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Making Peace | Guam's Military Museum | The American G.I.

Guam's Military Museum in Sumay
Annette Donner

A museum dedicated to the history
of the military's interaction
with Pacific peoples

An American veteran stood fascinated in front of the pre-war Sumay
village photographs. He remembered the village during the 1944 liberation when its shell shattered buildings were his only protection against the Japanese troops shooting at him. His buddy had been killed here.

A Japanese veteran quietly recalled his time in the tunnels above
the Agat landing area watching the American ships blanket the waters just
prior to the liberation. He offered his personal mementos for the museum
collection as a gesture of friendship between countries.

A young man soberly fingers a canteen, a gun, a uniform similar to
the one his father wore when he died during the Liberation campaign on Guam. 

These are just three of the scenarios which play out at the Marianas Military Museum on the Orote Point peninsula on Naval Station,
Guam. One of Guam's three museums, this one is tied closely to the heart
strings of Guam's history.  The museum is located in the area of the pre-war village of Sumay...near the site of the pre-war Marine Barracks. The barracks' placement there at the turn of the century played an integral part in the development of the Sumay fishing village to its place of pre-WW II island prominence.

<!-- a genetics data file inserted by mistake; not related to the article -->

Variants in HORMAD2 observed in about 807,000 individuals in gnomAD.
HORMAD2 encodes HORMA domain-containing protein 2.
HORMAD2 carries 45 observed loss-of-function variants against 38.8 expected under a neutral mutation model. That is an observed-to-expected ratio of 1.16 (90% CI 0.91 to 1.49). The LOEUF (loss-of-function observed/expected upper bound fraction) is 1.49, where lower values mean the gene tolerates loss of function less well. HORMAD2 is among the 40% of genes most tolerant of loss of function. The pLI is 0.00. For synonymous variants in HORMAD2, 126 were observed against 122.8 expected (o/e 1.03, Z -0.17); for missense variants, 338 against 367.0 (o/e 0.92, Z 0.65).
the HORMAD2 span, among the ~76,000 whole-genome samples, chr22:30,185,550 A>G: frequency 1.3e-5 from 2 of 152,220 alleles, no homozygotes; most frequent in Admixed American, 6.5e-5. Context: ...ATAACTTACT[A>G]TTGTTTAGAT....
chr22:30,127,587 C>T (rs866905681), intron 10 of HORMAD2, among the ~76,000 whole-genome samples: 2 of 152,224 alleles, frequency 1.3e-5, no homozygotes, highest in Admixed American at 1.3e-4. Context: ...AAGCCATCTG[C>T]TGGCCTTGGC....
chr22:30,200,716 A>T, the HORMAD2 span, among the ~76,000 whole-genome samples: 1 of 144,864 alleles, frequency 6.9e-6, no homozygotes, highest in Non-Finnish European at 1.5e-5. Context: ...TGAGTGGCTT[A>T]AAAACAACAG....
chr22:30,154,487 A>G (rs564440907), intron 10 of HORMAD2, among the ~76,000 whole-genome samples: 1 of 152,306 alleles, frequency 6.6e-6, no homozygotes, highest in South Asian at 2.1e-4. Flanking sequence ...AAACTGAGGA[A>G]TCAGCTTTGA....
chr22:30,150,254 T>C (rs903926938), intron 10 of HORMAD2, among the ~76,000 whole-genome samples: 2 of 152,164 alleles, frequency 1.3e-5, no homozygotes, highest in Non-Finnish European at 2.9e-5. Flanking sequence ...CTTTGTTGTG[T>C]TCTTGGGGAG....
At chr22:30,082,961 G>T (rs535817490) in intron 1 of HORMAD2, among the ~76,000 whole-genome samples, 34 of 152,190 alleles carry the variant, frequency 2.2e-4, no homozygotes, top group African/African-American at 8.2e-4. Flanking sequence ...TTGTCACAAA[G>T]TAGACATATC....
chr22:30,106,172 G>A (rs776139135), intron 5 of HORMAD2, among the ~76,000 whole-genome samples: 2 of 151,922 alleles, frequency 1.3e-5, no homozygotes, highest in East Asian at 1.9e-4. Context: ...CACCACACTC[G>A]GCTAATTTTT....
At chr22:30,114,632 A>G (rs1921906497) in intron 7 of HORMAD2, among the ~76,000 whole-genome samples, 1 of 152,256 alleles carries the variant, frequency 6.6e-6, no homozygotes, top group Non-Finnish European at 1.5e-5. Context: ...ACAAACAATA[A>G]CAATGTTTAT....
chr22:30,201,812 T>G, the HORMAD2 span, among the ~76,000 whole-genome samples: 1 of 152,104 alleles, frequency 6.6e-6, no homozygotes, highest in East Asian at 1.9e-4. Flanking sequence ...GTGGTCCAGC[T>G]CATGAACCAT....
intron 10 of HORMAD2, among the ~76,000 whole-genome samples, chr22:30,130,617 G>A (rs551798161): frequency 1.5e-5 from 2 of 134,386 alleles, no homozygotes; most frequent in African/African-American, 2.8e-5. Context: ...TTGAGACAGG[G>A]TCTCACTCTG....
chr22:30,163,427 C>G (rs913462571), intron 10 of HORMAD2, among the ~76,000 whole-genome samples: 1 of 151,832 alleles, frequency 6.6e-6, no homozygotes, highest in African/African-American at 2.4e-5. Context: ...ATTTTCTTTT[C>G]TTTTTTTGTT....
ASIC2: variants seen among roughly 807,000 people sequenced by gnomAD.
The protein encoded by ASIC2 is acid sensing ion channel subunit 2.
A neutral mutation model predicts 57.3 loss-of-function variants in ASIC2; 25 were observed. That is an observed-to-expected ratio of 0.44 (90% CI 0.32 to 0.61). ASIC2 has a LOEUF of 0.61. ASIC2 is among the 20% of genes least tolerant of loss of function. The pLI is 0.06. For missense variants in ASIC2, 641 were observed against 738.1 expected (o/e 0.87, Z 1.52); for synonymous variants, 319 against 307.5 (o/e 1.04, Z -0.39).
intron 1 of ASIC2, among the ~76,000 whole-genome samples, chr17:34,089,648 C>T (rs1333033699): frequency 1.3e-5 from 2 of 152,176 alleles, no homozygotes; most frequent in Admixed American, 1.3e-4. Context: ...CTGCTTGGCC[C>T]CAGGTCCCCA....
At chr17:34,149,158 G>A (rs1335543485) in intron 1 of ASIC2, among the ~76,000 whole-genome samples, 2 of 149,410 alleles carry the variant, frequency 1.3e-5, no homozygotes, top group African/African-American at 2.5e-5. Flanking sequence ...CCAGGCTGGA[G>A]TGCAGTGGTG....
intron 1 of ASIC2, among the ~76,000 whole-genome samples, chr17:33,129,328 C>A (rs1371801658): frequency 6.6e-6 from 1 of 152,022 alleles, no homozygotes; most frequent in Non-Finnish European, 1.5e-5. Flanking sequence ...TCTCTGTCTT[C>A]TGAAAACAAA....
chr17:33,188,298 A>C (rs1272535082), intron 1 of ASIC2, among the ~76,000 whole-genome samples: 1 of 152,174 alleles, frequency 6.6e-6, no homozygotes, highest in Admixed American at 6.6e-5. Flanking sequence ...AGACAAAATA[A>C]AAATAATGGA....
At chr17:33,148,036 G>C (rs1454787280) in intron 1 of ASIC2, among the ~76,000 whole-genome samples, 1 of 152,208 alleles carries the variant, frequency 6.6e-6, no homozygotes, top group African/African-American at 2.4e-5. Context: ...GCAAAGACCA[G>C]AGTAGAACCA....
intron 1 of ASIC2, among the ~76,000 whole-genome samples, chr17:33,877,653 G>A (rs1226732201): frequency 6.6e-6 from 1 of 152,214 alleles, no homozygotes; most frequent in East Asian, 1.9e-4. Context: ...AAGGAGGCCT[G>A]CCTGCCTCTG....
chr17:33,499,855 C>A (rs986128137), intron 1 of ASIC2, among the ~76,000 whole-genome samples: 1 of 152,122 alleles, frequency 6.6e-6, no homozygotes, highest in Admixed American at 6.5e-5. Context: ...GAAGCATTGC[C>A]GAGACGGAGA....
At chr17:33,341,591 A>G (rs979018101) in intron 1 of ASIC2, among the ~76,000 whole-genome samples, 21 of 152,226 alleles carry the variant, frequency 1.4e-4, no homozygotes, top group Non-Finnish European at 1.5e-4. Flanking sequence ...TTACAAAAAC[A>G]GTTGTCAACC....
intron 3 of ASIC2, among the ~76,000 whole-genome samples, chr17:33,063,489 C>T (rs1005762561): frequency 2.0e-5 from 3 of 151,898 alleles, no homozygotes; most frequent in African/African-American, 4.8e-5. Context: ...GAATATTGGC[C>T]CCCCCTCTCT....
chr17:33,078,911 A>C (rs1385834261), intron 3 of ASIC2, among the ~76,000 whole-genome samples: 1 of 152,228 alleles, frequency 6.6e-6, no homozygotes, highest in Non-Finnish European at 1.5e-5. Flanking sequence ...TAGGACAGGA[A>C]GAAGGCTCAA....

And that is the museum's mission: to educate visitors, civilian and
military alike, on the history of the interaction the military has had on
this area of the Pacific and its people in both war and peace. The museum mission statement reads in part , " To educate.... and help the people explore the history of the relationship between the United States Military and island people of the Western Pacific."

According to the foundation board president,  Annette A. Donner,
the board is very interested in promoting the exploration of the history of
the interaction between Sumay residents and the military.  "Being located
in Sumay,  right where the two major pre-war island entities (Chamorros and military) intersected, is significant, " says Donner. "And we take it
seriously here, because this is not a military museum for guns and
grenades, but a museum about the role the military played in the history of
these Pacific islands."

And that distinction does not deter from the military history so
prevalently displayed here. "This museum compliments the other two museums on Guam," says Jennings Bunn, museum manager and Navy Historic Preservation Officer. "The War in the Pacific Park does such a good job focusing on the war years here, the Guam Museum carefully traces the history of Guam, and this museum wishes to explore the history of the interaction of the local people with the military and the military's history in this area."

Standing in front of the prewar Sumay village display, Bunn speaks
to future fund raising plans for this fledgling museum through the museum